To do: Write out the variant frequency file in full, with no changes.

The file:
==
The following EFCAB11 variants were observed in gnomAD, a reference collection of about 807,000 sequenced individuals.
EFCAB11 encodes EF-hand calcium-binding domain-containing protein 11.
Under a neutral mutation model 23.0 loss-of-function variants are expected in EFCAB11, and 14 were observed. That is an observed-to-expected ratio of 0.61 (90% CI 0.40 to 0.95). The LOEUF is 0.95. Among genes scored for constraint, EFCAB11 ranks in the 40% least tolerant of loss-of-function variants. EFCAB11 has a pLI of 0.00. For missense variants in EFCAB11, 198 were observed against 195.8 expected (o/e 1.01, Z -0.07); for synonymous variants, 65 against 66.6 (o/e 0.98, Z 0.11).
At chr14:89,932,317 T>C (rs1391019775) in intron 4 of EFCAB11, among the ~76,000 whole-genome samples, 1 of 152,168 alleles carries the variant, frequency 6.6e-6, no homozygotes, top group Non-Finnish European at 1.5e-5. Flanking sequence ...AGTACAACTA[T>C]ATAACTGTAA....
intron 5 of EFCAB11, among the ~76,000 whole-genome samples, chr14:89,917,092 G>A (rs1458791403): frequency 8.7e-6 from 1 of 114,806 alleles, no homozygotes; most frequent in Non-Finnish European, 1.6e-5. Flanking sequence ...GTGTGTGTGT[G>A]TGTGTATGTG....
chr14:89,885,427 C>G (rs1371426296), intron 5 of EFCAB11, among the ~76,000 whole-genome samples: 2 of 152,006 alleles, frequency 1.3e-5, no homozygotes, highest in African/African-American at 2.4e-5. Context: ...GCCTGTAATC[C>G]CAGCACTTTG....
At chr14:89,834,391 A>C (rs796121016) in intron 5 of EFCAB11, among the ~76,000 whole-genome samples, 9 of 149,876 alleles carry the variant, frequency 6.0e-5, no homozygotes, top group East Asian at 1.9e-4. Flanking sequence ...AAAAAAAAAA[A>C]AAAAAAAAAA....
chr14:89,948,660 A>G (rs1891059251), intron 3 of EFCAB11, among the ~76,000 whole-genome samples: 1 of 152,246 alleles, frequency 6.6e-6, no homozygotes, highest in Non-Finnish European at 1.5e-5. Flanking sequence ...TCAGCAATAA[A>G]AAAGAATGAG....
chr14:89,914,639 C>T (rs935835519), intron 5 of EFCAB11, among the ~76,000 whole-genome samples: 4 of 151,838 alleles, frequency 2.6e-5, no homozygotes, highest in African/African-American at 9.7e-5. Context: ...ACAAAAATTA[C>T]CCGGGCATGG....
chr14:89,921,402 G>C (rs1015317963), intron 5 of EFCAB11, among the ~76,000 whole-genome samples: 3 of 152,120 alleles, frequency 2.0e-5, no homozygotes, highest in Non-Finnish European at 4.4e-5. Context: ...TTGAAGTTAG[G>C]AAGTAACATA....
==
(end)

The following EFCAB11 variants were observed in gnomAD, a reference collection of about 807,000 sequenced individuals.
EFCAB11 encodes EF-hand calcium-binding domain-containing protein 11.
Under a neutral mutation model 23.0 loss-of-function variants are expected in EFCAB11, and 14 were observed. That is an observed-to-expected ratio of 0.61 (90% CI 0.40 to 0.95). The LOEUF is 0.95. Among genes scored for constraint, EFCAB11 ranks in the 40% least tolerant of loss-of-function variants. EFCAB11 has a pLI of 0.00. For missense variants in EFCAB11, 198 were observed against 195.8 expected (o/e 1.01, Z -0.07); for synonymous variants, 65 against 66.6 (o/e 0.98, Z 0.11).
At chr14:89,932,317 T>C (rs1391019775) in intron 4 of EFCAB11, among the ~76,000 whole-genome samples, 1 of 152,168 alleles carries the variant, frequency 6.6e-6, no homozygotes, top group Non-Finnish European at 1.5e-5. Flanking sequence ...AGTACAACTA[T>C]ATAACTGTAA....
intron 5 of EFCAB11, among the ~76,000 whole-genome samples, chr14:89,917,092 G>A (rs1458791403): frequency 8.7e-6 from 1 of 114,806 alleles, no homozygotes; most frequent in Non-Finnish European, 1.6e-5. Flanking sequence ...GTGTGTGTGT[G>A]TGTGTATGTG....
chr14:89,885,427 C>G (rs1371426296), intron 5 of EFCAB11, among the ~76,000 whole-genome samples: 2 of 152,006 alleles, frequency 1.3e-5, no homozygotes, highest in African/African-American at 2.4e-5. Context: ...GCCTGTAATC[C>G]CAGCACTTTG....
At chr14:89,834,391 A>C (rs796121016) in intron 5 of EFCAB11, among the ~76,000 whole-genome samples, 9 of 149,876 alleles carry the variant, frequency 6.0e-5, no homozygotes, top group East Asian at 1.9e-4. Flanking sequence ...AAAAAAAAAA[A>C]AAAAAAAAAA....
chr14:89,948,660 A>G (rs1891059251), intron 3 of EFCAB11, among the ~76,000 whole-genome samples: 1 of 152,246 alleles, frequency 6.6e-6, no homozygotes, highest in Non-Finnish European at 1.5e-5. Flanking sequence ...TCAGCAATAA[A>G]AAAGAATGAG....
chr14:89,914,639 C>T (rs935835519), intron 5 of EFCAB11, among the ~76,000 whole-genome samples: 4 of 151,838 alleles, frequency 2.6e-5, no homozygotes, highest in African/African-American at 9.7e-5. Context: ...ACAAAAATTA[C>T]CCGGGCATGG....
chr14:89,921,402 G>C (rs1015317963), intron 5 of EFCAB11, among the ~76,000 whole-genome samples: 3 of 152,120 alleles, frequency 2.0e-5, no homozygotes, highest in Non-Finnish European at 4.4e-5. Context: ...TTGAAGTTAG[G>C]AAGTAACATA....